You Dirty Panda

lolitoOh God. This book was so disgustingly filthy I feel like I should go out and buy a copy for everyone I know who has a sick sense of humor like a 15-year-old boy. That means I would buy five copies for myself because I don’t know anyone else who is as immature as a 15-year-old boy. Except for me.

In Lolito by Ben Brooks, 15-year-old Etgar Allison is home alone during a school vacation. His girlfriend is away on some sun drenched island with her father. Etgar inadvertently finds out she cheated on him back at home, kissing some guy at a party. He spends most of his vacation raiding his father’s liquor cabinet and drinking his whiskey and watching porn because he’s a fifteen year old boy left home alone with his dog and his worsening depression over his girlfriend’s infidelity.

Etgar gets massively bored and decides to go online into an adult chatroom and meets Macy, a ’35’ year old woman in Scotland. And thus begins their raunchy cybersex….uh…. relationship. She doesn’t know he’s a fifteen year old boy sitting at home during a school vacation, letting the dog poop in the house because he’s too depressed to let him out. Etgar is so depressed he starts wearing a panda suit. Don’t ask. His friends try to get him out of the house-usually to a party to get him drunk. Seriously, what is it with British kids drinking all the time? Why not a nice quiet night at home getting tipsy and reading a book but not using the oven because you should never use the oven when you’ve been drinking at home alone. So I’ve been told.

’35’ year old Macy decides that she and Etgar should meet up. Meet up is a fancy term for get it on bang a gong. Etgar panics but only a little since he’s a 15-year-old boy and the promise of sex with a beautiful older woman would be enough to get him to eat lava. Etgar has a little inheritance from his grandmother. He uses it to book a hotel room in London. When I was 15 I was still riding my bike all over the place and watching cartoons. To be fair, I’m now 38, my bicycle is rusting in the garage and I still watch cartoons. I’m a real wild card. Watch out.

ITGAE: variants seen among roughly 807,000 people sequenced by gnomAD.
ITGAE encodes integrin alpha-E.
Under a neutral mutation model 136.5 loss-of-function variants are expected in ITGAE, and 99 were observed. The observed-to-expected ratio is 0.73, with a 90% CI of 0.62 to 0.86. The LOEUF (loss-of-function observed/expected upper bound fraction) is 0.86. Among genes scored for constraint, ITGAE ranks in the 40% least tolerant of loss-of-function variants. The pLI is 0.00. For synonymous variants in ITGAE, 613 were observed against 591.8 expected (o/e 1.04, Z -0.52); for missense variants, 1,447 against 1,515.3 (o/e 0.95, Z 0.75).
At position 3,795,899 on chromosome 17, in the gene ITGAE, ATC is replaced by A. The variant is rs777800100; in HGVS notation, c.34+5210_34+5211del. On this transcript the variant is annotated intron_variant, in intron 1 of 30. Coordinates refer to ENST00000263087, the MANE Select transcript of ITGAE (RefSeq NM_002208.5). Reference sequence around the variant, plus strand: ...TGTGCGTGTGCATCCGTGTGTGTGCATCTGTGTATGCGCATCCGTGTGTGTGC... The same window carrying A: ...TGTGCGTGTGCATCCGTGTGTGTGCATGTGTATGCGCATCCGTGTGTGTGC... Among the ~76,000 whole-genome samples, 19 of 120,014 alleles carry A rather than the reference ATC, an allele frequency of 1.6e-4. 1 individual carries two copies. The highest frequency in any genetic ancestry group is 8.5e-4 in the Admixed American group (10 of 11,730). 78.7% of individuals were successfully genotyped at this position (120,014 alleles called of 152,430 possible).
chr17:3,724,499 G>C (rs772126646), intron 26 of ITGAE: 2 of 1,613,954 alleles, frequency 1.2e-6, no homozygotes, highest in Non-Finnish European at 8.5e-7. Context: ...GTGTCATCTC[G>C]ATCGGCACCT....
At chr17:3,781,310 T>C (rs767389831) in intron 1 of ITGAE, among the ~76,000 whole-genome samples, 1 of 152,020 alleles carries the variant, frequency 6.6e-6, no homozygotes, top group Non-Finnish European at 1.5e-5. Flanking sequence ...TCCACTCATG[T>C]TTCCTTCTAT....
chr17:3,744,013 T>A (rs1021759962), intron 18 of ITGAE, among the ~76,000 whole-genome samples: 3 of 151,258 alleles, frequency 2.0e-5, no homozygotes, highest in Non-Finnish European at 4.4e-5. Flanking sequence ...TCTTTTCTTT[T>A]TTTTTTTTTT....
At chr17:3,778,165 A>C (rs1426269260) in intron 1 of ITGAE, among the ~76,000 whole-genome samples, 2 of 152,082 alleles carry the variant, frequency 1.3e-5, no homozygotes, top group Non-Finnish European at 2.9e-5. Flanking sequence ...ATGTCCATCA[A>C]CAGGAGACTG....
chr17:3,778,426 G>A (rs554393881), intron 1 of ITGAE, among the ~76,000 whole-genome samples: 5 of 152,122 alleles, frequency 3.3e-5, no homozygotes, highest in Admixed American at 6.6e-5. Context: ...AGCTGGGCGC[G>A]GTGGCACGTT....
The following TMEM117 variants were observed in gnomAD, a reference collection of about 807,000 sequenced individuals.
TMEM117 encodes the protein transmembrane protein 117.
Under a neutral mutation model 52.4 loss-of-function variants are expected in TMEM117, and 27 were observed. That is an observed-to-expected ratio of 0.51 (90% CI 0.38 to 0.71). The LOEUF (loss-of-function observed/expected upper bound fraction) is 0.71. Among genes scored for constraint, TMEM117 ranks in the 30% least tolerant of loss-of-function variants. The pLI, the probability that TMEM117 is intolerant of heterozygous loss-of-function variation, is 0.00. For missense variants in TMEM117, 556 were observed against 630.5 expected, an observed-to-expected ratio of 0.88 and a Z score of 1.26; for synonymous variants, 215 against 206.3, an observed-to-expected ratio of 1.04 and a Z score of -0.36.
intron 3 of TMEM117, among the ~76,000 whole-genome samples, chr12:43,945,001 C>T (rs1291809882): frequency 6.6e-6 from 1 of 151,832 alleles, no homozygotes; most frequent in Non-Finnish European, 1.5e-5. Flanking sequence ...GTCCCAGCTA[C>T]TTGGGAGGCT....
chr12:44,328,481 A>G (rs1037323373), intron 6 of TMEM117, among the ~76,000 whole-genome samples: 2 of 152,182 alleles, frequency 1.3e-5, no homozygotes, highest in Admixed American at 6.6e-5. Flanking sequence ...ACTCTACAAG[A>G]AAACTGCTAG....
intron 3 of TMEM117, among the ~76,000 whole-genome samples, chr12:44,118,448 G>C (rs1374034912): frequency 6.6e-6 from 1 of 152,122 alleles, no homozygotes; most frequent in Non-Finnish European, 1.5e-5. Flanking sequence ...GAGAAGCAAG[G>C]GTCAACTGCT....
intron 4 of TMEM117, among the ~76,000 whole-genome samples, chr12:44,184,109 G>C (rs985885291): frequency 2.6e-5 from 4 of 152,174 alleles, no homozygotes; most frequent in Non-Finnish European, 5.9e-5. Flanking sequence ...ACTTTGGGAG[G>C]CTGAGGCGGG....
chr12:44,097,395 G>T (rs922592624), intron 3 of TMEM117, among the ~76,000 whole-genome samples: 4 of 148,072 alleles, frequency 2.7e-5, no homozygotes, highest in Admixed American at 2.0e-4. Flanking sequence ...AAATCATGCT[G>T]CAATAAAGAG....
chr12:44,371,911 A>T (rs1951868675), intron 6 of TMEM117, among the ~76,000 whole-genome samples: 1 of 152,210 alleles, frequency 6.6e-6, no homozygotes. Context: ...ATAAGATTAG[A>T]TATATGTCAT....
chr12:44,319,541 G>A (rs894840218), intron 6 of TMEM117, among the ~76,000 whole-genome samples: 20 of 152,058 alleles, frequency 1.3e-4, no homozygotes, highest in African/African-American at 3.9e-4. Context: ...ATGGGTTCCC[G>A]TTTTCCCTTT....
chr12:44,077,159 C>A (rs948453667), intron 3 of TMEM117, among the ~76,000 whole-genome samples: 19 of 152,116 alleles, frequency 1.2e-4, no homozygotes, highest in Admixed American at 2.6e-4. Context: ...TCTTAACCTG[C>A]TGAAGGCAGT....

What happens next with Etgar and Macy….dear God. You will just have to read the book to find out. Graphic, lewd, crude and hilarious, Lolito had me giggling to myself like the immature 15-year-old boy I am. On the inside.

Grow Up

Grow Up by Ben Brooks is a dirty, dirty book. It is a wonderfully filthy book. 

I think I might have to buy it.

The only things the teenagers in this book know how to do are drink, do drugs, do each other and then wake up to do it all over again. My liver hurts just from reading how much alcohol they consume at a party (or on a Tuesday afternoon after school for that matter…if they went to school at all.)  These are the kind of teens that surprise you when you hear they made it to 30.

I found a generation of charming slackers in Ben Brook’s novel set in present day England. I didn’t even know slackers could be charming. Here’s what you need to know:   

1)      17-year-old Jasper and his friends get high. Daily. Sometimes hourly.

2)      Jasper wants to finish his novel. 

3)      Jasper wants to make sure his best friend doesn’t commit suicide. 

4)      Jasper wants to find out he’s not a father because of a drunken (and very blurry) encounter with a school friend. 

5)      Jasper wants to have sex with a girl he knows is perfect for him.

Then there’s Jonah, Tenaya and Ping, his best friends, who come with their own set of woes and whom Jasper guides through the big and small hurdles of being 17, even if it’s a drug-addled 17.

Most of all, Jasper wants t the world to know his stepfather is a wife-killer:

I am certain Keith is a murderer. If you look at his history close enough, you can see that his ex-wife seems to just disappear, benefiting him in the process.

I’m from the Generation X era (although what a letter of the alphabet has to do with being a miserable teenager is beyond me) while Jasper’s generation is known as Generation Facebook. They all may seem to be nothing but a bunch of aimless idiots, but they wonder what they’re going to do with their lives once they graduate high school. 

I’m 35 and am still asking myself what I want to do with my life. No seriously, I have no clue. At the end of this hilarious novel not one of the characters knows what they’ll be doing in 5 years and I liked that fact. I didn’t want a nice tidy ending because, let’s face it, life is neither nice or tidy.

So if you find yourself meandering through life (at the age of 35 or 80) not knowing who you are or where you’ll l be in the next five years, you’ll love Grow Up. But I’d avoid the whole drugs and alcohol scene unless you don’t mind having only two brain cells to rub together.